On the offensive against advertising

Filed under: Preschoolers, Big Kids, Places To Go, Media, That's Entertainment

We've tried to limit the kids' exposure to television ads by only letting them watch commercial-free channels, but that seems nigh impossible these days. Even the venerable PBS has what seems like fifteen minutes of ads between shows. How persuasive marketing is became very clear recently when we were at Costco and Jared said we needed to get a Swivel Sweeper.

Now, I'd never heard of the Swivel Sweeper, but apparently Jared had -- enough that he was convinced that we needed one. (What we really need is a whole cleaning service, but that's another story.) Naturally, Jared's conversion to being a Swivel Spokesman concerned me, but I wasn't sure what to do about it. Now, however, I have a plan.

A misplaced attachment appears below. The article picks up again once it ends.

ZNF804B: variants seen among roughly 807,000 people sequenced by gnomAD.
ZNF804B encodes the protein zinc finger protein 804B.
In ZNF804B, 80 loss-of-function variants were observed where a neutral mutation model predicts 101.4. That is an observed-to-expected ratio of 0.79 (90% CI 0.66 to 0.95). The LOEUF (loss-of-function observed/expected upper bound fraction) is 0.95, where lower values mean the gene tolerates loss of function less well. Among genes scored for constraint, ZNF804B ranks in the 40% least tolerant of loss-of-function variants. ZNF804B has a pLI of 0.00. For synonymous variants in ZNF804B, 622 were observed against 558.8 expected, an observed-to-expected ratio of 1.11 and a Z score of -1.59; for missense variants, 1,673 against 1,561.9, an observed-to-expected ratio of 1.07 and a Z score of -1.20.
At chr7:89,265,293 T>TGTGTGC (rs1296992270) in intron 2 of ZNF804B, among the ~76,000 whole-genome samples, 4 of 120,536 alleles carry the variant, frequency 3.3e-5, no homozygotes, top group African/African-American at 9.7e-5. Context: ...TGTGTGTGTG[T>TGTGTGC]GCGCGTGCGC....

The website Get Rich Slowly has an article about exactly this topic. Lisa Tiffin has two twin boys and faced a similar situation. Her solution was extremely simple and apparently very successful. She simply explained some basic economics -- companies need to sell things -- and then started asking her sons if they thought that products did what their advertisements said they did.

She knew this approach worked when she found the pair soaking paper towels and seeing whether or not they could support their toys in that condition, like the ads said they could. I hope I can be just as successful with Jared and Sara; I think I am going to talk to them about this right away.
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AdviceMama Says:
Start by teaching him that it is safe to do so.
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As AOL continues to grow and evolve we are taking necessary actions to ensure our efforts and resources are
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